BEND, Ore. - Back in August of 1996, a nasty thunderstorm strikes Central Oregon.
"I looked up in the sky and there were these huge billowing clouds, and I thought, 'Oh my goodness, it looks like a fire,'" said Linda Swearingen, who owned a house int he Sundance subdivision southeast of Bend and at the time was running for Deschutes County commissioner (a post she won that fall).
Swearingen was right. Lightning sparked a massive wildfire, right in her backyard.
"Directly behind our house, the entire hillside was up in flames -- and I've got to tell you, for the very first time in my life, my knees knocked together, because I knew the fire was extremely close," Swearingen recalled recently.
The flames were growing, heading right toward the Sundance subdivision, just southeast of Bend.
"We knew it was heading right for our district, and it's tough," said Mark Taylor, now deputy chief of training for Bend Fire and Rescue.
"It was like trying to stop a tidal wave -- you know it's coming at you, and what you can do to minimize the effects, not stop it," Taylor said.
In a matter of hours, the fire moved from burning trees and brush to destroying home after home.
"To pull into a neighborhood and see several homes on fire, and in this rural setting to see even horses tied up to fences, one of the first things we did was just let the horses run free," Taylor recalled.
"Getting out of a fire truck and having pine cones the size of a small baseball on fire flying by your head, we knew we were in for a long day then, too," he added.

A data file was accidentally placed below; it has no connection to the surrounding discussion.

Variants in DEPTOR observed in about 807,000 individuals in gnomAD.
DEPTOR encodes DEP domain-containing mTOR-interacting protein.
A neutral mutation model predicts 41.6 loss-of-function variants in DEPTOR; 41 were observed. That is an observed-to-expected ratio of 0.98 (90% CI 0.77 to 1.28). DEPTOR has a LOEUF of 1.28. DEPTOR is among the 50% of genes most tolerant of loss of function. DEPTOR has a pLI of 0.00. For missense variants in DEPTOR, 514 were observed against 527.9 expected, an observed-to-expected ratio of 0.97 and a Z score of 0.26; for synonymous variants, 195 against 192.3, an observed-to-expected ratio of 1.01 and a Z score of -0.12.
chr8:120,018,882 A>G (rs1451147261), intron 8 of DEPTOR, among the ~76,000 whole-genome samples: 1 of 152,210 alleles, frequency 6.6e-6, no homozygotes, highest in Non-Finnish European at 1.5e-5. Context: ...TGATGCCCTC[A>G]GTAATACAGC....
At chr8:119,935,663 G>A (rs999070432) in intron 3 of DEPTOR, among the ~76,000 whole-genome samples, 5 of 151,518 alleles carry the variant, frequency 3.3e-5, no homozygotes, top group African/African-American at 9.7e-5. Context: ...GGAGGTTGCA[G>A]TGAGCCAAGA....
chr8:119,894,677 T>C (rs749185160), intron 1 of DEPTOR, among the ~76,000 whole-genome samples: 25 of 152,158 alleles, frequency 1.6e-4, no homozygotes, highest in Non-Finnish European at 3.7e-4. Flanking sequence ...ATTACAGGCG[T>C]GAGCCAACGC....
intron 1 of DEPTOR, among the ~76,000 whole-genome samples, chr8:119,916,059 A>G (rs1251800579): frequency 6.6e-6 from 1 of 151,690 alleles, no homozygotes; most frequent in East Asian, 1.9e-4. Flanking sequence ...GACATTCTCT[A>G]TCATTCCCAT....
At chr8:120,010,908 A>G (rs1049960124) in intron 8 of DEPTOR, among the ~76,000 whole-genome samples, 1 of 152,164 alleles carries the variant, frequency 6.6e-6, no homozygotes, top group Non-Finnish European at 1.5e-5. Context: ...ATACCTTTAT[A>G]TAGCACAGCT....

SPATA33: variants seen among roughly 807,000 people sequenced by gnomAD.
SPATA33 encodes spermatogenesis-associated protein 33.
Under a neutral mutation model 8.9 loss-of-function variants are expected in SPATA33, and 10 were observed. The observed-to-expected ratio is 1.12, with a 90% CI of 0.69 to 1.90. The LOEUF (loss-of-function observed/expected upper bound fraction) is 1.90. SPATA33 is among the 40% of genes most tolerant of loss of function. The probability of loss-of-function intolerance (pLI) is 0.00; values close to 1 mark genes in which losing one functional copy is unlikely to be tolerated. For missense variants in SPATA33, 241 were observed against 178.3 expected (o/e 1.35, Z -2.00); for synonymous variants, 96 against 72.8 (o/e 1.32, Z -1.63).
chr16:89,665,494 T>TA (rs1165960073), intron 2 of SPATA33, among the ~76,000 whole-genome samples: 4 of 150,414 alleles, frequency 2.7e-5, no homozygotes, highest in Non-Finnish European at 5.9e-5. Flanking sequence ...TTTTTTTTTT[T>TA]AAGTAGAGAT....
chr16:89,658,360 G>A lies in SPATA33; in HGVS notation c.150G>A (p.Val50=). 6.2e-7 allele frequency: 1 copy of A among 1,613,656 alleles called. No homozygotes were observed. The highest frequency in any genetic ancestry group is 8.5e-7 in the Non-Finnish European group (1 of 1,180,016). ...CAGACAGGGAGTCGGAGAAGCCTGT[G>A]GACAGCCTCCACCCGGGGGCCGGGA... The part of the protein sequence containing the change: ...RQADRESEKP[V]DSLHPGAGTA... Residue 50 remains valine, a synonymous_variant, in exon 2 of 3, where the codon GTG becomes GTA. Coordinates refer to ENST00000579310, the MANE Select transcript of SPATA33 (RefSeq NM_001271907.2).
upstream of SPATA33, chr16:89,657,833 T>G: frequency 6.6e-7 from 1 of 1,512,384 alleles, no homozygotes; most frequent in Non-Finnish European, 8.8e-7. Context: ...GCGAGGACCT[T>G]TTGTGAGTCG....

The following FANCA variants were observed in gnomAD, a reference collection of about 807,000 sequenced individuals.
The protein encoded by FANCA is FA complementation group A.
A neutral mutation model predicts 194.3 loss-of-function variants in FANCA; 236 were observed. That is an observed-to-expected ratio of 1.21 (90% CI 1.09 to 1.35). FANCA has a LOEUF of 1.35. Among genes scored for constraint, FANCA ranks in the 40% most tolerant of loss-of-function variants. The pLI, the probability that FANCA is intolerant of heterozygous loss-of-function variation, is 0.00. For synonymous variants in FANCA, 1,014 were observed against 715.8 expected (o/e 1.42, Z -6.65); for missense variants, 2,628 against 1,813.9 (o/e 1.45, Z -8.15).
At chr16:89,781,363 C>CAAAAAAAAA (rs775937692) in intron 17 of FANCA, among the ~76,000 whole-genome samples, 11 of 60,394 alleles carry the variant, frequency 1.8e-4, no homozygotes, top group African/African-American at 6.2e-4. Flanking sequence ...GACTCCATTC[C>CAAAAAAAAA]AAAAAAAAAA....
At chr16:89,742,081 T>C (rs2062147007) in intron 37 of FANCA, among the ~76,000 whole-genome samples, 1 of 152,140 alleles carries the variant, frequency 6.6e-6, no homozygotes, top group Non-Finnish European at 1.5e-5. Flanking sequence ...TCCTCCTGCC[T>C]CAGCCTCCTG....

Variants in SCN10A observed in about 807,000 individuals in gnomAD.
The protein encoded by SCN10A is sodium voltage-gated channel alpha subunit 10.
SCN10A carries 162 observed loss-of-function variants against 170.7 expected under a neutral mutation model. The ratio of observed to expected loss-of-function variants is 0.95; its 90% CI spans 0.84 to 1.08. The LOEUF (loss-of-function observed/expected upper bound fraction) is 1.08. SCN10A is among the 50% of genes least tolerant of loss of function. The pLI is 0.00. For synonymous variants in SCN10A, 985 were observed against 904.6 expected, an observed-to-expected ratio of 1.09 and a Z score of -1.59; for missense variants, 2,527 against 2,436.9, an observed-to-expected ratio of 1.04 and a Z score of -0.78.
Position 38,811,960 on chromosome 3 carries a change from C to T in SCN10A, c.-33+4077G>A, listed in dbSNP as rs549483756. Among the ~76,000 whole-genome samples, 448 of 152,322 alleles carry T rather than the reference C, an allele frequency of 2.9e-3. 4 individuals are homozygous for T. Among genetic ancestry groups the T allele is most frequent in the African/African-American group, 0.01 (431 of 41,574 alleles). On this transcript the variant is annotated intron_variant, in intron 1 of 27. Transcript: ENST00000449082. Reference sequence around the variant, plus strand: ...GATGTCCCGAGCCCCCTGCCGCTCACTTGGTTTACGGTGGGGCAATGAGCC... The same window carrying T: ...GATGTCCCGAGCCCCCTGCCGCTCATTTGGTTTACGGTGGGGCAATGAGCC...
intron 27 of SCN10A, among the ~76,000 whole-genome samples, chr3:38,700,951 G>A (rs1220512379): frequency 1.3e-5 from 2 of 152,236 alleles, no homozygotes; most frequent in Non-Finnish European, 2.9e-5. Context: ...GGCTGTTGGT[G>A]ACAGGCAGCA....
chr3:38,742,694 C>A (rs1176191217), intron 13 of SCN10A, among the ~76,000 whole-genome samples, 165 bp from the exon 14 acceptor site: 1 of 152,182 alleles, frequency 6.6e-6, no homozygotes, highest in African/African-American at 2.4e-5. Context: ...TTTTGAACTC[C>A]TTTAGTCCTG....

The hundreds of evacuees were sent to the Bend High School auditorium, waiting and hoping they would still have a house to go home to.
Swearingen, 18 years later, remembers those anxious, nerve-wracking moments.
"The waiting was very difficult, because we weren't being given information as to whose home had been burned and when we could return. All we knew is several homes, by afternoon, had gone up in smoke," Swearingen said.
A few hours later, residents got the official word: Nineteen homes were lost in the blaze.
Families were escorted back to Sundance the next morning, where the devastation was all too surreal.
"We took the people out there in five bus loads," said Gary Marshall, Bend's fire marshal at the time. "There was a lot of smoke, stumps still smoking, and it looked like a combat zone -- and people just broke down."
Swearingen was one of the lucky ones who could go home.
"It was devastating, because it looked like a bomb had hit Sundance. And I remember going in and thinking, 'I don't recognize any of this,'" Swearingen said.
The Skeleton Fire didn't stop there. It went on to burn a total of 18,000 acres over five days, changing the community forever.
"People just break down when they see that, and it's something that we don't want this to happen in this community again," Marshall said.
After the destruction of the Skeleton Fire, FireFree and Project Wildfire were introduced to educate communities about creating defensible space around their homes. That work continues to this day.
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